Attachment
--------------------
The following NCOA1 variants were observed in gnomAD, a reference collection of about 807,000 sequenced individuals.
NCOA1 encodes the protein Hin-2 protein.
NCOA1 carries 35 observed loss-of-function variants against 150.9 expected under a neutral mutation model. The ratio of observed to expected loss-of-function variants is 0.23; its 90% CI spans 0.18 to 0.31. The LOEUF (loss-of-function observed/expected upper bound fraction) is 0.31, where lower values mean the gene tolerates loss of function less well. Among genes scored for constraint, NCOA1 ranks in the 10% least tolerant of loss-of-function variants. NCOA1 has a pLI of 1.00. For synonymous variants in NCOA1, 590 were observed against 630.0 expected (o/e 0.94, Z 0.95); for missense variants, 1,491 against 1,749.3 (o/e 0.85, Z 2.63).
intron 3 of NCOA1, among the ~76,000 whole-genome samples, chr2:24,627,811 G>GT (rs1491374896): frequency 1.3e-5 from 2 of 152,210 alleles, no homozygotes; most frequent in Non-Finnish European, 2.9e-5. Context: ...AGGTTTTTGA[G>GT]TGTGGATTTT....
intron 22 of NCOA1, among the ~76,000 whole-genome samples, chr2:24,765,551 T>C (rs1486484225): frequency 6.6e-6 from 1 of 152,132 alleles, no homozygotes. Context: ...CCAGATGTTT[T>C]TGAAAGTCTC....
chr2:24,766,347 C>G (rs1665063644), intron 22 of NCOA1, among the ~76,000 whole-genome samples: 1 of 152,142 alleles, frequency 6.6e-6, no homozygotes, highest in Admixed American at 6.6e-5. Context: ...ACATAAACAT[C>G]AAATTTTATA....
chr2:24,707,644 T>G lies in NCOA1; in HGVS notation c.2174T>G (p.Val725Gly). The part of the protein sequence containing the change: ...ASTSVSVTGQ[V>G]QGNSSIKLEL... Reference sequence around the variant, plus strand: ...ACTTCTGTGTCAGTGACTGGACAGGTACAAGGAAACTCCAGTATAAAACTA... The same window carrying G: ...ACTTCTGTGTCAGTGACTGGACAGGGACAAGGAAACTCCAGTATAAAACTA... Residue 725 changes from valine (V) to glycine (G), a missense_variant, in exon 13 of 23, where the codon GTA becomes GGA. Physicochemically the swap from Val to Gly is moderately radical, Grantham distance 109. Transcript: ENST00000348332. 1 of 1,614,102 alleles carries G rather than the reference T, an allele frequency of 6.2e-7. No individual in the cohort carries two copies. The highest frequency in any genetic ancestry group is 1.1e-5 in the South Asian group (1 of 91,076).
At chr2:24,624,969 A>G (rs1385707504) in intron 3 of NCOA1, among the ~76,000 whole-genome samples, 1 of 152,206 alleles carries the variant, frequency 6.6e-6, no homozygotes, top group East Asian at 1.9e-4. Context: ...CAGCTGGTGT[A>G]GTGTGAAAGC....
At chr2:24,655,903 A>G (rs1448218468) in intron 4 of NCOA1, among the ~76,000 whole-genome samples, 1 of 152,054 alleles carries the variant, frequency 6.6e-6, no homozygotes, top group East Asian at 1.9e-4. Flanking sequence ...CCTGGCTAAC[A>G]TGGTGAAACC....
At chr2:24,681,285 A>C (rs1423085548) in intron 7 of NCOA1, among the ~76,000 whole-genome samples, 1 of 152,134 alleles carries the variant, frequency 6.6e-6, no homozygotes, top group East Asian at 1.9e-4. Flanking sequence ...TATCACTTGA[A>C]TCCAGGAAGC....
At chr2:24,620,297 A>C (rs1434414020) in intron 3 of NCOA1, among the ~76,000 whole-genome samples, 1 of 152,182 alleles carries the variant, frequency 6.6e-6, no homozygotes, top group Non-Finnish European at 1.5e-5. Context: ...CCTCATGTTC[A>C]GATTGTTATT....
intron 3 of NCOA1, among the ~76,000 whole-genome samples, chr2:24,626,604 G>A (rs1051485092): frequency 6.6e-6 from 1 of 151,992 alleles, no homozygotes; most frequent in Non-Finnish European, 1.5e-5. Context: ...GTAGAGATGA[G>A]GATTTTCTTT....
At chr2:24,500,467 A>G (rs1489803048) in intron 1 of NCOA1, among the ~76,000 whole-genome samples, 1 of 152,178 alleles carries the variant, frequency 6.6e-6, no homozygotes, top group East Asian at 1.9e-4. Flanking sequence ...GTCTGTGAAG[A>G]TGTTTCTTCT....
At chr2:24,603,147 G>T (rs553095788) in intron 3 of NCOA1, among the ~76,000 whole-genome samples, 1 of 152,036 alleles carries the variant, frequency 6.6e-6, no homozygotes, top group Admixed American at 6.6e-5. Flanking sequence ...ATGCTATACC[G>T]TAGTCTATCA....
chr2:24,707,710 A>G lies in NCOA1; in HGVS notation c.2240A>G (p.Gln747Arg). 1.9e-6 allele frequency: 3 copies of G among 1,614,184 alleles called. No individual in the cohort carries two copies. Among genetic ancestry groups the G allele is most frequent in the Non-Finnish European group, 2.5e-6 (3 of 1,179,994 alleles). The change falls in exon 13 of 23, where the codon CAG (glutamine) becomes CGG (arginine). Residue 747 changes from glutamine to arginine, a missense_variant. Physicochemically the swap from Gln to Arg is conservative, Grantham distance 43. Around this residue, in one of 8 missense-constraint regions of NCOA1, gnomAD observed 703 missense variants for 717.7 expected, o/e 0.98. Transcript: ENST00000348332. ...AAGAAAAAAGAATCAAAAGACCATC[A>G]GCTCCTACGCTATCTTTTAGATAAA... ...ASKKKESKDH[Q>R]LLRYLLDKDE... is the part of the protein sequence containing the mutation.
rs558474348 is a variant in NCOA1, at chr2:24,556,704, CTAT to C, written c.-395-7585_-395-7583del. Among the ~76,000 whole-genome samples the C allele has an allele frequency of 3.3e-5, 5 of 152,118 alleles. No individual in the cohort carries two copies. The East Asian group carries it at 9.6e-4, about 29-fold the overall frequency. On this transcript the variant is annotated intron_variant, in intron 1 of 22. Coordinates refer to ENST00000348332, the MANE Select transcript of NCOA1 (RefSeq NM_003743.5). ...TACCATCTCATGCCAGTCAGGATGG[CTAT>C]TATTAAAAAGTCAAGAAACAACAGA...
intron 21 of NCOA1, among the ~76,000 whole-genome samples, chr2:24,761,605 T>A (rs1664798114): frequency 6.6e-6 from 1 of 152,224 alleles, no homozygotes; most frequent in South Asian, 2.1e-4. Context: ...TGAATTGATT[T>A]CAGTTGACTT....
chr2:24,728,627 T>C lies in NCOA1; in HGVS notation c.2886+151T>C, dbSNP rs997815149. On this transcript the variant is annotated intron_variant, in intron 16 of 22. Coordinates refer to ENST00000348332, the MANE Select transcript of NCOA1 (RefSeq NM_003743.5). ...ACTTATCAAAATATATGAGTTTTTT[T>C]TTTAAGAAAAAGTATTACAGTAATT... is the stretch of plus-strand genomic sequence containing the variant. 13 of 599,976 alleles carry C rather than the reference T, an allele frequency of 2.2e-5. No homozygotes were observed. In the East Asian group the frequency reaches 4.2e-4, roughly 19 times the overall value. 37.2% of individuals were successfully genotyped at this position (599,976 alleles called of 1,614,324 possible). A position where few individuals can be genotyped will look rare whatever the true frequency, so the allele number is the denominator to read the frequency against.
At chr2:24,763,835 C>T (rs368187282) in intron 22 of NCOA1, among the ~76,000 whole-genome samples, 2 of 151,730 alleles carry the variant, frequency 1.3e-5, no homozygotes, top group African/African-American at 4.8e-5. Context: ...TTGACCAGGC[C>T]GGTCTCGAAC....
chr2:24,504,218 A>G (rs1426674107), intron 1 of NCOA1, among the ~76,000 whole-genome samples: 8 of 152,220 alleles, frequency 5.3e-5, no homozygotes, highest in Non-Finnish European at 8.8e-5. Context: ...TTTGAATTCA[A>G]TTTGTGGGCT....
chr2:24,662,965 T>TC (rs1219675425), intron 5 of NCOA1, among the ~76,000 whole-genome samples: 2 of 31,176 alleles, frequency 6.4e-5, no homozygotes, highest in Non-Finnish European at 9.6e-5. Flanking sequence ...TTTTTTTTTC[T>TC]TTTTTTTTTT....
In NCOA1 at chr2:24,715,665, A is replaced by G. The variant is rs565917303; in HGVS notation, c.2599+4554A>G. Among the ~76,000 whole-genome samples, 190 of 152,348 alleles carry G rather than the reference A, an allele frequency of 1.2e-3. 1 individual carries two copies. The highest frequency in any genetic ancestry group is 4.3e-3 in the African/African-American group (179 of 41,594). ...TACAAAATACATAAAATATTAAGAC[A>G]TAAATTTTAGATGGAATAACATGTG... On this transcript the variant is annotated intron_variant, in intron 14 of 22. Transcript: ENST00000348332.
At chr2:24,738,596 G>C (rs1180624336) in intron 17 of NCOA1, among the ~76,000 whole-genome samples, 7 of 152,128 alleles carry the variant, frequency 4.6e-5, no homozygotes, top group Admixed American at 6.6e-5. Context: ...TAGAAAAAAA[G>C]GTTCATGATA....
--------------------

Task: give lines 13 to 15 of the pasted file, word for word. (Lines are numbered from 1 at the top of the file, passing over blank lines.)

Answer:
At chr2:24,500,467 A>G (rs1489803048) in intron 1 of NCOA1, among the ~76,000 whole-genome samples, 1 of 152,178 alleles carries the variant, frequency 6.6e-6, no homozygotes, top group East Asian at 1.9e-4. Flanking sequence ...GTCTGTGAAG[A>G]TGTTTCTTCT....
At chr2:24,603,147 G>T (rs553095788) in intron 3 of NCOA1, among the ~76,000 whole-genome samples, 1 of 152,036 alleles carries the variant, frequency 6.6e-6, no homozygotes, top group Admixed American at 6.6e-5. Flanking sequence ...ATGCTATACC[G>T]TAGTCTATCA....
chr2:24,707,710 A>G lies in NCOA1; in HGVS notation c.2240A>G (p.Gln747Arg). 1.9e-6 allele frequency: 3 copies of G among 1,614,184 alleles called. No individual in the cohort carries two copies. Among genetic ancestry groups the G allele is most frequent in the Non-Finnish European group, 2.5e-6 (3 of 1,179,994 alleles). The change falls in exon 13 of 23, where the codon CAG (glutamine) becomes CGG (arginine). Residue 747 changes from glutamine to arginine, a missense_variant. Physicochemically the swap from Gln to Arg is conservative, Grantham distance 43. Around this residue, in one of 8 missense-constraint regions of NCOA1, gnomAD observed 703 missense variants for 717.7 expected, o/e 0.98. Transcript: ENST00000348332. ...AAGAAAAAAGAATCAAAAGACCATC[A>G]GCTCCTACGCTATCTTTTAGATAAA... ...ASKKKESKDH[Q>R]LLRYLLDKDE... is the part of the protein sequence containing the mutation.